Back to your investments. What should you do to protect yourself during a Trump presidency? Nothing. If you’re diversified, you don’t need to sweat the headlines. We can’t predict the future, and we sure as heck can’t predict the markets. That’s why it may be wise to follow the investment ways of some of the world’s wealthiest families and most sophisticated investors. They manage risk through diversification.* This means not weighting one’s investments in with any sector of the economy such as energy or banking, or falling in love with an individual stock such as Apple.

Besides, your investment portfolio isn’t designed for a four-year presidential term. You’re in it for the long run. Investors who stay the course have historically been rewarded. Here’s one thing we can anticipate during the next four years. The markets will go up, and the markets will go down. And parts of your portfolio will do better than other parts. My advice is to stay disciplined, diversified* and focused on the future. If you’re not sure whether you have enough diversification*, a fee-based financial advisor can help you.

*Diversification does not guarantee a profit or protect against a loss.

The Dow Jones Industrial Average is a widely watched index of 30 American stocks thought to represent the pulse of the American economy and markets.

How Will Election 2016 Affect the Stock Market?

With Election Day almost (finally!) here, the most common worry I hear from many of my clients is, “How will the presidential election affect the markets?”

Market volatility before and after the election is a legitimate concern. For sure, this hasn’t been a typical election, and a victory for either party could affect the markets. Markets tend to react to good news and bad news. In the short-term, the stock market can be emotional and illogical. That’s because people drive markets and people– especially when investing their money–can be emotional and illogical.

Dimensional Fund Advisors (DFA) recently published a new study, “Presidential Elections and the Stock Market,” and included the following exhibit of the growth of a dollar invested in the S&P 500* over nine decades (since 1926) and 15 presidencies (from Coolidge to Obama). The study examined the growth of one dollar from 1926 through the end of June 2016. The outcome shows that through Democratic and Republican administrations, the stock market consistently grew, regardless of which party was in power. At times, though, the market was down or flat, too.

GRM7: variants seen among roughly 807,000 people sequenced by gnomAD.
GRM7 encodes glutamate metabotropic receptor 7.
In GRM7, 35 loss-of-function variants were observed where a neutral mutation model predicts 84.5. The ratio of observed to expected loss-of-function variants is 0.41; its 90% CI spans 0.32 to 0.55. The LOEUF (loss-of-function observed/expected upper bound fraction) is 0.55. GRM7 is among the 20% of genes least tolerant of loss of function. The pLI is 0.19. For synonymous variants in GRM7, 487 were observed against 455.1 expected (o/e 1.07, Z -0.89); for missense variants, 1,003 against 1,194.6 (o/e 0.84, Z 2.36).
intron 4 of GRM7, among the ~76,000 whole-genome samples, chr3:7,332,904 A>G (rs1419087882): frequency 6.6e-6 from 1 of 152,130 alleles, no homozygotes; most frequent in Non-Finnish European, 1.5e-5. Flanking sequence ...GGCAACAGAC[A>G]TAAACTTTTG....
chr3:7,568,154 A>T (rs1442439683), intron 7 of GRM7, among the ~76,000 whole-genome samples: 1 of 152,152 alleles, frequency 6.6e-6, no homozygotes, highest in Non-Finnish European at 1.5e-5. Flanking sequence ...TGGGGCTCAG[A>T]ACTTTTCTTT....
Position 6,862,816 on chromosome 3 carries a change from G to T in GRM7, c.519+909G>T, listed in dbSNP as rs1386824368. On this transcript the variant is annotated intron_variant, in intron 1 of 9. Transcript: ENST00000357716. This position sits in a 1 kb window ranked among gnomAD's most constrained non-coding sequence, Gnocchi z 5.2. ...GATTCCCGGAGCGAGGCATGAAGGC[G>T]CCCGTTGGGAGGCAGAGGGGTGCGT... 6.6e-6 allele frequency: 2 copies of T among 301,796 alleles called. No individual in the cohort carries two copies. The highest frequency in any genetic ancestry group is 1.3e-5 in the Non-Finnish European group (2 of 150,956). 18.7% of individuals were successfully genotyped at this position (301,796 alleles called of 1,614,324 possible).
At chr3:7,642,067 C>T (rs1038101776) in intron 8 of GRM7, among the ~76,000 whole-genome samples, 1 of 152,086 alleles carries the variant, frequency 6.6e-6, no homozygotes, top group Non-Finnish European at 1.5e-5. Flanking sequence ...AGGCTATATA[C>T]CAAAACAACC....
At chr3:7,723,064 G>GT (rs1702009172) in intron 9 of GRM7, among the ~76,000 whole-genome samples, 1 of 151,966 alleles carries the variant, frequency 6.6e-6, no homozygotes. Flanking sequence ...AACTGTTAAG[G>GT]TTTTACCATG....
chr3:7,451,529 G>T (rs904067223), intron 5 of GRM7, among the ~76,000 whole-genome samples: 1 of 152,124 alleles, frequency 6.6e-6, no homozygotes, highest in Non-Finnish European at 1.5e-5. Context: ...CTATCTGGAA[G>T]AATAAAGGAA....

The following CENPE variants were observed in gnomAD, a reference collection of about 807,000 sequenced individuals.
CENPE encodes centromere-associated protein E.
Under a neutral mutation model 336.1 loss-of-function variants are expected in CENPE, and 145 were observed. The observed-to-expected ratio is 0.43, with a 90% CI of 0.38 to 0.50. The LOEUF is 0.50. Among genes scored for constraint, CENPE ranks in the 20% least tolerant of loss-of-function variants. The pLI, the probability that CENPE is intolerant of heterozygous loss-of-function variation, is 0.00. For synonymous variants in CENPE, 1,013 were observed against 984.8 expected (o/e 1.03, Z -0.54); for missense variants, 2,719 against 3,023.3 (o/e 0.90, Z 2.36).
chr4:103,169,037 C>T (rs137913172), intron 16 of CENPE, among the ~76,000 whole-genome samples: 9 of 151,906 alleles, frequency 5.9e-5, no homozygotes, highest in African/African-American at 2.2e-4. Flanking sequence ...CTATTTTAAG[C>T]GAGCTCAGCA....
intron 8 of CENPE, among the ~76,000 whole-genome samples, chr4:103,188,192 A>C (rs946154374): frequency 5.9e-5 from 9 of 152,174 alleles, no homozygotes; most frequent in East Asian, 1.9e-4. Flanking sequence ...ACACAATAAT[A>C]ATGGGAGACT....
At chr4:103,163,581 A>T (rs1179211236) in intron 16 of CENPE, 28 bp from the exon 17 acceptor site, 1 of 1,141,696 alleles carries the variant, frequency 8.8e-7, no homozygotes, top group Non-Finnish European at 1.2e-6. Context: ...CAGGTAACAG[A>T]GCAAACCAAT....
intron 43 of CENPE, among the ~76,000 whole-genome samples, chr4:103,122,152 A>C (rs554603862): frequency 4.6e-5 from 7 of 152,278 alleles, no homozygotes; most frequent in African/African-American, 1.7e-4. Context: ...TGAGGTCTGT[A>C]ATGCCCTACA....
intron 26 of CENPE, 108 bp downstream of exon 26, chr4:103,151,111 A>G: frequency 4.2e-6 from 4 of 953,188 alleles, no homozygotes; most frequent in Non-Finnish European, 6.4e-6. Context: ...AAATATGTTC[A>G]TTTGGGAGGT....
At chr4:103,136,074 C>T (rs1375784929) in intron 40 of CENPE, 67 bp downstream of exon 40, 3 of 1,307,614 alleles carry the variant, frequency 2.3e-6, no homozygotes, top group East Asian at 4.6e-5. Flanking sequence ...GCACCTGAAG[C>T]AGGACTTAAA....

graph1

The other part of the study delved into shorter periods of returns previous and subsequent to presidential elections. Again the data showed there to be little or no differences compared to market returns of non-presidential election years. The takeaway: Trying to make an investment decision based on the outcome of an election was unlikely to generate any excess return for an investor. Any positive outcome based on using such a strategy is likely to be the result of random luck. At worst, it can lead to costly mistakes. We can’t predict the economy, and we for sure can’t outguess the markets.

You may be thinking, however, that this time is different. No doubt, with a 24/7 news cycle and nonstop election coverage, it’s easy to get on the roller coaster with the Wall Street hype and media pundits. Turn off your television sets and don’t panic. If history is any guide (and in my opinion, it’s the only guide we have), the outcome of this election should have little impact on the markets in the long-term.

*The S&P 500 Index is an index of 500 of the largest exchange-traded stocks in the US from a broad range of industries whose collective performance mirrors the overall stock market. Investors cannot invest directly in an index.

Disclosure: This information is provided for educational purposes only and should not be considered investment advice or a solicitation to buy or sell this security. This blog contains general information that is not suitable for everyone. The information contained herein should not be construed as personalized investment advice. Information was based on sources we deem to be reliable, but we make no representations as to its accuracy. Past performance is no guarantee of future results. There is no guarantee that the views and opinions expressed in this article will come to pass. Investing in the stock market involves gains and losses and may not be suitable for all investors. Information presented herein is subject to change without notice and should not be considered as a solicitation to buy or sell any security.